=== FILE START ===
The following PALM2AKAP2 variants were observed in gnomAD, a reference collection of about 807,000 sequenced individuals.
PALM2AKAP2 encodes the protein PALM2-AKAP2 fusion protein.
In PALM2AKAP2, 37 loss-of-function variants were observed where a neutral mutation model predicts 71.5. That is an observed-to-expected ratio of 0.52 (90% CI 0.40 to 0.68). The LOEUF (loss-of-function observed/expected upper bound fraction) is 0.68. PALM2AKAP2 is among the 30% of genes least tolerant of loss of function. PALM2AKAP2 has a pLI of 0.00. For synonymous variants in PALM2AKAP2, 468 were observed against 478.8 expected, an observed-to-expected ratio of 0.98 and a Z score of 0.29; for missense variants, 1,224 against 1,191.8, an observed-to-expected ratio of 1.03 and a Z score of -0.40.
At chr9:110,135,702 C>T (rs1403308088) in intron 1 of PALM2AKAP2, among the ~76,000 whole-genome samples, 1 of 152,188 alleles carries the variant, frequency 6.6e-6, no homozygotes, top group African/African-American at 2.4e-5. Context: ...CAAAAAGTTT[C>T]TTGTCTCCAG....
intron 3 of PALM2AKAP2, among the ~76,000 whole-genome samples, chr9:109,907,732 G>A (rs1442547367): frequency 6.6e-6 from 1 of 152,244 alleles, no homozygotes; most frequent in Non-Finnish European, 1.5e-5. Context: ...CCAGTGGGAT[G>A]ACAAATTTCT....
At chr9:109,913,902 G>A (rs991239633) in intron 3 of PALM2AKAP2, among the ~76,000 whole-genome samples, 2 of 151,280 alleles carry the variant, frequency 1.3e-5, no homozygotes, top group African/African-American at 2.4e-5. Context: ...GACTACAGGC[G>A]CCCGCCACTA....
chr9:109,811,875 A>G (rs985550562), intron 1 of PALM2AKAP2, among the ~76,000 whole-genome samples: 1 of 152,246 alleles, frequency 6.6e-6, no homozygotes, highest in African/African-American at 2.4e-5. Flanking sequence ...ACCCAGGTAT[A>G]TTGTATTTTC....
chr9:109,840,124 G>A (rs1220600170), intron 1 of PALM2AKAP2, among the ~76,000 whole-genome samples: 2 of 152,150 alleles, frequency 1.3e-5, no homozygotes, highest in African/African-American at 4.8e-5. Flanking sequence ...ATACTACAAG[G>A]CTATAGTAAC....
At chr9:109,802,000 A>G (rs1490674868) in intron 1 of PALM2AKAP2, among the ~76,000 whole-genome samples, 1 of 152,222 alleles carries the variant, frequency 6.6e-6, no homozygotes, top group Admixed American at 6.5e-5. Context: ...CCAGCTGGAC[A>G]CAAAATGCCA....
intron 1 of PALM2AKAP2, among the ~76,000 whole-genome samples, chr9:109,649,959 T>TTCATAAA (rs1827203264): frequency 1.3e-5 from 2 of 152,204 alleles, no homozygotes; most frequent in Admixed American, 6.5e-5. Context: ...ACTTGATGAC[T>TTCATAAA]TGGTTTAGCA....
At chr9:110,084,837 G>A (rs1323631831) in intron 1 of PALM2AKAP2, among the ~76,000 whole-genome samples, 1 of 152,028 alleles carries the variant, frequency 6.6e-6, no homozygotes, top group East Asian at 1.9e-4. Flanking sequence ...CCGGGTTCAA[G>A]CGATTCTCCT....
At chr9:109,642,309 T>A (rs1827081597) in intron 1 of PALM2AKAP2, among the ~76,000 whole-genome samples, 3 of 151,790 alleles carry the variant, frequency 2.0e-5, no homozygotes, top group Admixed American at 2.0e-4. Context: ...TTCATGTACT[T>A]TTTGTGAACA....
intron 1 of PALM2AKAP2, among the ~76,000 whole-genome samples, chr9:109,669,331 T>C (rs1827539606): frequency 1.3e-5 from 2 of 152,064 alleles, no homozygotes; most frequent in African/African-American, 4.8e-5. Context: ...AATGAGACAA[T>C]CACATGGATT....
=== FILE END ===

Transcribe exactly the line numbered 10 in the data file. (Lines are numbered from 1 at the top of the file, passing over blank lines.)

intron 1 of PALM2AKAP2, among the ~76,000 whole-genome samples, chr9:109,649,959 T>TTCATAAA (rs1827203264): frequency 1.3e-5 from 2 of 152,204 alleles, no homozygotes; most frequent in Admixed American, 6.5e-5. Context: ...ACTTGATGAC[T>TTCATAAA]TGGTTTAGCA....